Mortal Kombat 4 was ported to the PlayStation, Nintendo 64, and PC. An upgraded version titled Mortal Kombat Gold was also released exclusively for the Dreamcast. A Game Boy Color game based on Mortal Kombat 4 was also released as well.

All the home ports of MK4 are notable for containing exclusive content not featured in the original arcade version. Possibly the biggest inclusion to the ports is Goro. He was not featured in the arcade game, but now serves as a playable sub-boss who is fought before Shinnok in single player mode. Also added to the ports is the Ice Pit, which is a snow-filled arena taking place in an icy, carved-out pit. Another new feature added to these ports are a second set of alternate outfits for all characters. The arcade version provided only one set of alternate outfits which the player could unlock. The PC and PlayStation versions run FMV intro, bios and endings, due to the CD-ROM media. The Nintendo 64 version, being a cartridge game, uses the in-game character animations to run them just like its arcade counterpart.[9]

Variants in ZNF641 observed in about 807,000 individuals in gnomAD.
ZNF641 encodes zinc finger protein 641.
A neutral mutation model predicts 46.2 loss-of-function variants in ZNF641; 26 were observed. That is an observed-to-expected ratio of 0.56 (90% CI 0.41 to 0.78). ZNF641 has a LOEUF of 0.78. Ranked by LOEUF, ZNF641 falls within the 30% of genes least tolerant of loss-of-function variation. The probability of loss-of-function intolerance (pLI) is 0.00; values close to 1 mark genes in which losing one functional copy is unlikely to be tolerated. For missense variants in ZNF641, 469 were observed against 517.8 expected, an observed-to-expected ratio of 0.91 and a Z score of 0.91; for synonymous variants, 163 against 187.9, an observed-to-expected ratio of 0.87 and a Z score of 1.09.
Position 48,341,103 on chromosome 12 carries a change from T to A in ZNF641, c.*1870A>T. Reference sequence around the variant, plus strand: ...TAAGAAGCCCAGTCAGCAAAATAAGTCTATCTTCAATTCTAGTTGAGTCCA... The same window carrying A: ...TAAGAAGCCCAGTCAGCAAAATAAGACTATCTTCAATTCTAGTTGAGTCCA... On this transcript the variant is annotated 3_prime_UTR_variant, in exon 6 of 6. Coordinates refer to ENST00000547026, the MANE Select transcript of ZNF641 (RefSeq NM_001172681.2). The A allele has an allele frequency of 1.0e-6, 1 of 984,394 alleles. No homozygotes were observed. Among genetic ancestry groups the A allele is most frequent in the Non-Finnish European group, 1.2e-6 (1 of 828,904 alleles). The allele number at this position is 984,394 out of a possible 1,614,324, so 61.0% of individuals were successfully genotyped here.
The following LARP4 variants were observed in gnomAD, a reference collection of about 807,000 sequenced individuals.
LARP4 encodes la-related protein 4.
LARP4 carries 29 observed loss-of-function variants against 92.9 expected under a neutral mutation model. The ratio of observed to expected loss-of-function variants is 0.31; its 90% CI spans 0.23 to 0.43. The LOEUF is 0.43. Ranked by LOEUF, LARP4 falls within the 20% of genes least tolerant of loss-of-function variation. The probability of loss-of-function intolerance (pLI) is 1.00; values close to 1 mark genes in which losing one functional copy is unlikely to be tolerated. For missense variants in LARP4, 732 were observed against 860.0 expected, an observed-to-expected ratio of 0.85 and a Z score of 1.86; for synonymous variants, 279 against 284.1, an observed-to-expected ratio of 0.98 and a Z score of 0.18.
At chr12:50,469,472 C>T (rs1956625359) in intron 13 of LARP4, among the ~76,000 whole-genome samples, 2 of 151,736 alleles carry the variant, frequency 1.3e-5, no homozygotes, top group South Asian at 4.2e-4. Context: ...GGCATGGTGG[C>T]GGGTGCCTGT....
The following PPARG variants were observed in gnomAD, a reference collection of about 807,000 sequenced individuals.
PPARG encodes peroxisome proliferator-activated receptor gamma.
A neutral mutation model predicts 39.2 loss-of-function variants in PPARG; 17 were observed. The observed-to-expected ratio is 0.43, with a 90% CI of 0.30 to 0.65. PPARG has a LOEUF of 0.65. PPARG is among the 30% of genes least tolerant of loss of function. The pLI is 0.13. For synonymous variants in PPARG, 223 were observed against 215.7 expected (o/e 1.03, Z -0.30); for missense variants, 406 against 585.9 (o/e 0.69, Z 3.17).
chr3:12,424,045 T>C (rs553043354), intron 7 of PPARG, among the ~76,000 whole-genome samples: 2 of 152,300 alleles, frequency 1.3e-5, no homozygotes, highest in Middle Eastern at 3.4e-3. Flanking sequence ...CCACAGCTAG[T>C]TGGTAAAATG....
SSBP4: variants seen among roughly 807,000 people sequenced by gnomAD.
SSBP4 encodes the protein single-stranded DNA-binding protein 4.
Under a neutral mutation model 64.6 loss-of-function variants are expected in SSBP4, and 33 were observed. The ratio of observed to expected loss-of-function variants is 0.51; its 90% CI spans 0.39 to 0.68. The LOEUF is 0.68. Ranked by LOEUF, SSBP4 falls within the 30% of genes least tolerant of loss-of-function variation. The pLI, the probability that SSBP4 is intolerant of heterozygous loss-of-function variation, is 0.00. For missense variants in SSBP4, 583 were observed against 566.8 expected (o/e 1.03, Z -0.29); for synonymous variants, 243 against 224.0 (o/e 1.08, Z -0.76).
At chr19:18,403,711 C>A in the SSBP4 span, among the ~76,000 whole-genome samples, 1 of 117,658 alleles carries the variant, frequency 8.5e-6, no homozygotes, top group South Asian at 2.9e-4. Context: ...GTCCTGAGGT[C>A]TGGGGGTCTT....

The Game Boy Color version of MK4 was developed by Digital Eclipse and was released by Midway. It is in 2D instead of the others' 3D. It features nine selectable characters: Raiden, Quan Chi, Fujin, Liu Kang, Sub-Zero, Reiko, Tanya, Scorpion, and the hidden character Reptile. Shinnok is still the final opponent. In addition, there are a few speech clips, and instead of using the in-game graphics for the fatalities, the game uses short FMV clips.[10] The Game Boy Color port's 2D engine reuses the game engine utilized in the Game Boy port of Mortal Kombat 3, including the same character select screen, "Choose Your Destiny" screen, and how the characters move and interact. The background music was replaced with repetative techno-ish songs with instrumentation befitting a Game Boy release, and the port does not contain any blood outside of the fatality videos. The combo system and weapons were also removed. However, the graphics for the port were above average for a Game Boy fighting title, and it contains many of the arcade's backgrounds in vivid clarity.